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The Phase Shift
To be developed further.
Over the years, "Bud Events" (λ Dips, or Peaks) have slipped in time fairly steadily ahead of the alignments to which, by their matching rhythms, they very clearly correspond.  In due time (7 years) they slide from synchrony through a state of syncopation ("on the off-beat"; about 7 days out; exactly half way) into synchrony once more.
Lawrence Edward's phase shift observations are shown above (yellow crosses).  He said that, "Each [cross] represents the phase shift of a species for a season."  So each cross is supported by hundreds - in some instances, by thousands - of measurements.
A model - or hypothesis, if you prefer - of this behaviour has been developed, which fits past observation well enough to permit prediction of future phase-shift behaviour. Shorn of detail, the hypothesis says that the buds move to a Time that runs ahead of ordinary Time - that is to say, ahead of the Time shown on our clocks and by which we miss trains.

Specifically, "Now" generally comes sooner (by our watches) for the buds.

How much sooner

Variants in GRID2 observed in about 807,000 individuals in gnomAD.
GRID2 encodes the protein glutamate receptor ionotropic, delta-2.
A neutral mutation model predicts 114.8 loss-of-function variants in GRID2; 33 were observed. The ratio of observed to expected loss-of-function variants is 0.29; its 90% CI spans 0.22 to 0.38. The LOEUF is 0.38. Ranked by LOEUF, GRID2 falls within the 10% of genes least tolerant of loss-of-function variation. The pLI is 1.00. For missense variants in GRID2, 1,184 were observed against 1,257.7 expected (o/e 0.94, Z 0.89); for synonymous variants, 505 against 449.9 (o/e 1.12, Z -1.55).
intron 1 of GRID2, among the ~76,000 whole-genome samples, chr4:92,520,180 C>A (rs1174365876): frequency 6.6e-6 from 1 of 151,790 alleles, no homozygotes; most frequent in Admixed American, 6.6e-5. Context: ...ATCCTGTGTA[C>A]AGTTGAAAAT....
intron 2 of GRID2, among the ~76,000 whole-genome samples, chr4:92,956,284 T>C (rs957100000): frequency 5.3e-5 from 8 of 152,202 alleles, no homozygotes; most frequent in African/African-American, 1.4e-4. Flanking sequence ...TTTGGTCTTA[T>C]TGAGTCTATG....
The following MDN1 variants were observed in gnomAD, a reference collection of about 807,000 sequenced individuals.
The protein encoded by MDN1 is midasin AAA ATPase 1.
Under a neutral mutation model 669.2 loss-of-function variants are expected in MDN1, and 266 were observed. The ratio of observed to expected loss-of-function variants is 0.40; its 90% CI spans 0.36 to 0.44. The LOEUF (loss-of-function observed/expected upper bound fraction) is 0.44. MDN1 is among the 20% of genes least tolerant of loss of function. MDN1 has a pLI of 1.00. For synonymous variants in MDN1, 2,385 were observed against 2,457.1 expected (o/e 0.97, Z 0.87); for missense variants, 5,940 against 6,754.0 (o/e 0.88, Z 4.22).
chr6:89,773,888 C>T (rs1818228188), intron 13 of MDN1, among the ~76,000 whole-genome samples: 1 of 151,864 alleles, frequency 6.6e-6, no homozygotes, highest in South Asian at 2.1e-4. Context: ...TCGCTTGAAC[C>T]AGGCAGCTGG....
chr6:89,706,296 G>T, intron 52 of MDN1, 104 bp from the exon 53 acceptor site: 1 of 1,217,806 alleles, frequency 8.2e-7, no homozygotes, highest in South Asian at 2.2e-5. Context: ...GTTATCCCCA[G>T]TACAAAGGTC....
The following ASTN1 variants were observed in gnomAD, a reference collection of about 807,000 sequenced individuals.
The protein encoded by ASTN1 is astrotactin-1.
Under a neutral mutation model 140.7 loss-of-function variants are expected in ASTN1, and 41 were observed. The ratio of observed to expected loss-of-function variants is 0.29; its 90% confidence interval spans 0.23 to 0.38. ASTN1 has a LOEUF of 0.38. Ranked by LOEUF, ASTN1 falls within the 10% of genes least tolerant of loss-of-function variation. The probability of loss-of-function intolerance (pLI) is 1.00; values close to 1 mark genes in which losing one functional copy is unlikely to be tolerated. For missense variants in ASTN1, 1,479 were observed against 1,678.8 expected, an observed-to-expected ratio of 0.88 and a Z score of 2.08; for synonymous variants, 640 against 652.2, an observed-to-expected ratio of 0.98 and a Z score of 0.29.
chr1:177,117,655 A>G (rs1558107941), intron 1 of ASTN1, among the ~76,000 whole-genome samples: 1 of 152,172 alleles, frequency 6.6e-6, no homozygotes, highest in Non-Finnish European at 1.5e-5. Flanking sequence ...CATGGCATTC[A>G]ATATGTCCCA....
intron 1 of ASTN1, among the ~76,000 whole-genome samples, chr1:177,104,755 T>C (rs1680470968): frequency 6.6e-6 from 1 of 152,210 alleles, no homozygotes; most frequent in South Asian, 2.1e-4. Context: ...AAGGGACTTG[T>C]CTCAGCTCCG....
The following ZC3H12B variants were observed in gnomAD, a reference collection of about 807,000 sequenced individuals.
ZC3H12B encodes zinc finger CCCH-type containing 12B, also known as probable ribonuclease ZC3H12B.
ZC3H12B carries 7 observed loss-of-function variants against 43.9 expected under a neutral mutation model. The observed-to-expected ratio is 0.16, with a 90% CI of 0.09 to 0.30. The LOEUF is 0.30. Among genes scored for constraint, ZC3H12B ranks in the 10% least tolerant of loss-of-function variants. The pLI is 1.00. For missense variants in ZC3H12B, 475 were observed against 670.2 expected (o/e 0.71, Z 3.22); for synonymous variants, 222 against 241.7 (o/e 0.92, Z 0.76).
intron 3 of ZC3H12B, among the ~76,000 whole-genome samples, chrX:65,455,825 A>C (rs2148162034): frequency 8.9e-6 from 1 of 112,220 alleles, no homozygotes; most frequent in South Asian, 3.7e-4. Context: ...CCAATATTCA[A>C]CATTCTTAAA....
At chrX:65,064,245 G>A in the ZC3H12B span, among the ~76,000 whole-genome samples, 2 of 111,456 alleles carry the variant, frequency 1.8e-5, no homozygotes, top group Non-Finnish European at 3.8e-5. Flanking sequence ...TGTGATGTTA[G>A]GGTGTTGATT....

it does so appears to be a function of the

Direction of the state of motion of the aggregate mass

of the bodies of the Solar System, and the

Direction of their aggregate position,

both relative to the Sun.


Suppose there is an alignment of the Moon with, say, Saturn, on, say, the 1st of June by what I shall call the Ordinary Calendar, and that the 1st of June is today's date.

By the "Bud Calendar", the 1st of June, and its corresponding alignment, may have come and gone, let us say 3 days before today - this interval being reckoned as the time that has elapsed between the bud event and the alignment, as observed and timed by users of the ordinary calendar.

The graph above right shows both the match to observations from 1983 and the predictions until 2008. The prediction for December 2006, and January, February and March of 2007,  is that Bud Events should be running, on the average, just over 9 days ahead of their alignments. Observation tends to support this.

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